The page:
When a homeless man was shot by police earlier this month after a confrontation on the downtown Santa Ana Civic Center grounds, county officials apparently couldn’t get out a simple email warning workers for hours.

The delay was the result of an IT bug, which took time to fix.

“We are aware and agree on the importance of prompt notification,” wrote Deputy CEO for Government and Community Relations Cymantha Atkinson regarding those alarm bells on the morning of Aug. 1.

“We have been working to send a Civic Center Alert since 10:15 a.m. this morning when we became aware of the incident. IT is on site and fixing the bug.”

That morning, Atkinson also shared a draft memo on the situation to a multi-agency safety committee — one that should have gone out around 9:30 a.m., when officers shot the homeless man on the civic center grounds.

The planned memo would have updated workers on details of the shooting incident and also included this time sensitive, handy warning: “Avoid using the south entrance of CJC as it is closed until further notice.”

That was apparently it for the county top brass. Case closed.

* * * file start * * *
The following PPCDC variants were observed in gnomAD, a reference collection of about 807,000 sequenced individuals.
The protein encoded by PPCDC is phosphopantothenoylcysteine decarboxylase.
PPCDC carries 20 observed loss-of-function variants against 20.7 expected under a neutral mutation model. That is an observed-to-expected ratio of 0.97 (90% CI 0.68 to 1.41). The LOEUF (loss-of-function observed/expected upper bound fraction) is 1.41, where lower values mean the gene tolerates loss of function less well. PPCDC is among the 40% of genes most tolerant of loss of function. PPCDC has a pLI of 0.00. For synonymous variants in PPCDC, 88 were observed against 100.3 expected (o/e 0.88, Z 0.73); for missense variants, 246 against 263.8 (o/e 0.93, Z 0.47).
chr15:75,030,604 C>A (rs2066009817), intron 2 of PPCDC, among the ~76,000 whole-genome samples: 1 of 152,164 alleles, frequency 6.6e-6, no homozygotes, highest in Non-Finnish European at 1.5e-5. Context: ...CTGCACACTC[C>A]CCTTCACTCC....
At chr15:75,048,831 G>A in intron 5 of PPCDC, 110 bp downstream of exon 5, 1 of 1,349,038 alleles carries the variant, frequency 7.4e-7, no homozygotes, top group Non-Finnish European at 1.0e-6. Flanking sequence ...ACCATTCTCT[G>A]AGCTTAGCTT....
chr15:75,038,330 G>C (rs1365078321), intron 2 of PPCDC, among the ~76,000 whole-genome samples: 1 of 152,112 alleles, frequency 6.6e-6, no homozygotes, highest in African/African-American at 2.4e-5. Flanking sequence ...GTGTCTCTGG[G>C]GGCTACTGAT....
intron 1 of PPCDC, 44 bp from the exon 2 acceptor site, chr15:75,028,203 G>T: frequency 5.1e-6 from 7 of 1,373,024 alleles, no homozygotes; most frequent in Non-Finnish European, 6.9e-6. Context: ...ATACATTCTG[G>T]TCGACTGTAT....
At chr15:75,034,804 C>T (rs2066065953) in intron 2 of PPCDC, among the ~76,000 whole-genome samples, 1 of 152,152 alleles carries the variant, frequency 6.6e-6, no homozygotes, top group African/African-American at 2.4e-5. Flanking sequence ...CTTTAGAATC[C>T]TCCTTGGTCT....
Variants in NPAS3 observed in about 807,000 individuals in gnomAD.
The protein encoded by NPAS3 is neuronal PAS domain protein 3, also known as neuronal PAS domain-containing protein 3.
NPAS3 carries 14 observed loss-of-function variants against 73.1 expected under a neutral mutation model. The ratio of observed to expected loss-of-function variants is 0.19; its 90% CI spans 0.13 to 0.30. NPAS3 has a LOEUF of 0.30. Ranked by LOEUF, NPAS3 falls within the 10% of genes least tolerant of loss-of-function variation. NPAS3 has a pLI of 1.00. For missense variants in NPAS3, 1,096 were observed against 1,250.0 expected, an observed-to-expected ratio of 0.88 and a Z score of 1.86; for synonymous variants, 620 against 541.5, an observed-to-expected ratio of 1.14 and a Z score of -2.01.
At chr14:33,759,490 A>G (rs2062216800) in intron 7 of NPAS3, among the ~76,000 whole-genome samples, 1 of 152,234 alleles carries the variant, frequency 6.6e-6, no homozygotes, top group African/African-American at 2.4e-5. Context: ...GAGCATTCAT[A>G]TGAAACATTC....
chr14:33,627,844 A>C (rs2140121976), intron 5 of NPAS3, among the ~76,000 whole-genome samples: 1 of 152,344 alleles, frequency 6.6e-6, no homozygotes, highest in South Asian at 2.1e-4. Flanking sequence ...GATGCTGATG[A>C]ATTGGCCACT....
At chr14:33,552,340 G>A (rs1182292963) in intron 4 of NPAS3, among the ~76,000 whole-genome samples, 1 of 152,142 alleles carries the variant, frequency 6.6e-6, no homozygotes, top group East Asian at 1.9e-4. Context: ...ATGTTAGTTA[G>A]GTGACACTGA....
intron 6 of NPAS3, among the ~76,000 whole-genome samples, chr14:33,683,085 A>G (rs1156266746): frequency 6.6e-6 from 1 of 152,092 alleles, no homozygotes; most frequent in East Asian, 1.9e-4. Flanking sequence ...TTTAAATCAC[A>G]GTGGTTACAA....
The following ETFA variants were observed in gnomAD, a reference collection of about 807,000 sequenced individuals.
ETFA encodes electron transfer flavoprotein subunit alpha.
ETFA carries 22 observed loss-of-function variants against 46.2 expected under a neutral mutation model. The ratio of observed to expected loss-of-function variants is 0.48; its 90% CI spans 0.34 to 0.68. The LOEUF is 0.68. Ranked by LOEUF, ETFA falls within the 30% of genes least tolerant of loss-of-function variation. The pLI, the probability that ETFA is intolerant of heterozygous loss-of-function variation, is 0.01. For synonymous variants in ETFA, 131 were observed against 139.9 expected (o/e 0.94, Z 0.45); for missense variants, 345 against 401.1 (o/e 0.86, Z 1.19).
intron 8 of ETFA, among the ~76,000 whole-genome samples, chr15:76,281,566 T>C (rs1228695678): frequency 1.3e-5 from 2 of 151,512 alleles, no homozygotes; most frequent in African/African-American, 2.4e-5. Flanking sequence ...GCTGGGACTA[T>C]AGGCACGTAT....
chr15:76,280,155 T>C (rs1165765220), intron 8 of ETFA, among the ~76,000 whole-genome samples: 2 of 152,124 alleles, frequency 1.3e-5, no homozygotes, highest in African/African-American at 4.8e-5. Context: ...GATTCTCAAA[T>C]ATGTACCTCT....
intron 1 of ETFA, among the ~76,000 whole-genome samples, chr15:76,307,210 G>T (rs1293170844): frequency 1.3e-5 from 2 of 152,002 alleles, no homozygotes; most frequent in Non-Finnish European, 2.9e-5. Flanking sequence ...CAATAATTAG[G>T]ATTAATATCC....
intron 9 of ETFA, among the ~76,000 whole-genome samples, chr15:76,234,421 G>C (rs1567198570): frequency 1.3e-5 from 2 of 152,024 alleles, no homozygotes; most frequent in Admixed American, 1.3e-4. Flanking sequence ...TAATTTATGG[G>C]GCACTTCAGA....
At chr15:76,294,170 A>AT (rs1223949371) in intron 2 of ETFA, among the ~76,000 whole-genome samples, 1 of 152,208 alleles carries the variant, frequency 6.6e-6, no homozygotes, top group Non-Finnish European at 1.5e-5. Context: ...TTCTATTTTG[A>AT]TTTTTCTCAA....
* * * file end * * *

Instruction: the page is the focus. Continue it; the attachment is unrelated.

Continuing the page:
Except, public records show, it was not good enough for one crack public employee, Alice Sinclair — a manager for administration and business operations at the Orange County Auditor Controller who also serves on a civic center safety committee.

Sinclair spoke up.

“If this has been an active shooter situation, a delay of almost two hours could have cost the lives of county employees,” Sinclair emailed back to Atkinson and the rest of her colleagues around noon that day.

“Staff need immediate notification of such incidents to ensure their own safety. In an age when everyone has a smartphone (or two) in their pocket, this is unacceptable. My department is actively working to install bulletproof glass at our public windows, but we can’t protect staff when they are outside our walls.

If you were having technical difficulties sending out a mass email to all County employees, you could have emailed this safety committee so we could pass the word on to our employees. I respectfully request that you do so if and when another such incident occurs.”

This critical information, discussion and debate comes to us as the result of a simple public records request I submitted to the Santa Ana Police Department on Aug. 2, the day after the incident – just to get an independent sense of how executives and others reacted to the situation.

The truth.

Or at least as close as we – as journalists – can get you, the reader, to it.

It’s what you will never get from a government information office, unless – thanks to the California Public Records Act – you ask.

Accessing these kinds of frank exchanges allows us as citizens to truly understand and engage with our government and most importantly, judge for ourselves what is really happening and how agencies and officials are responding.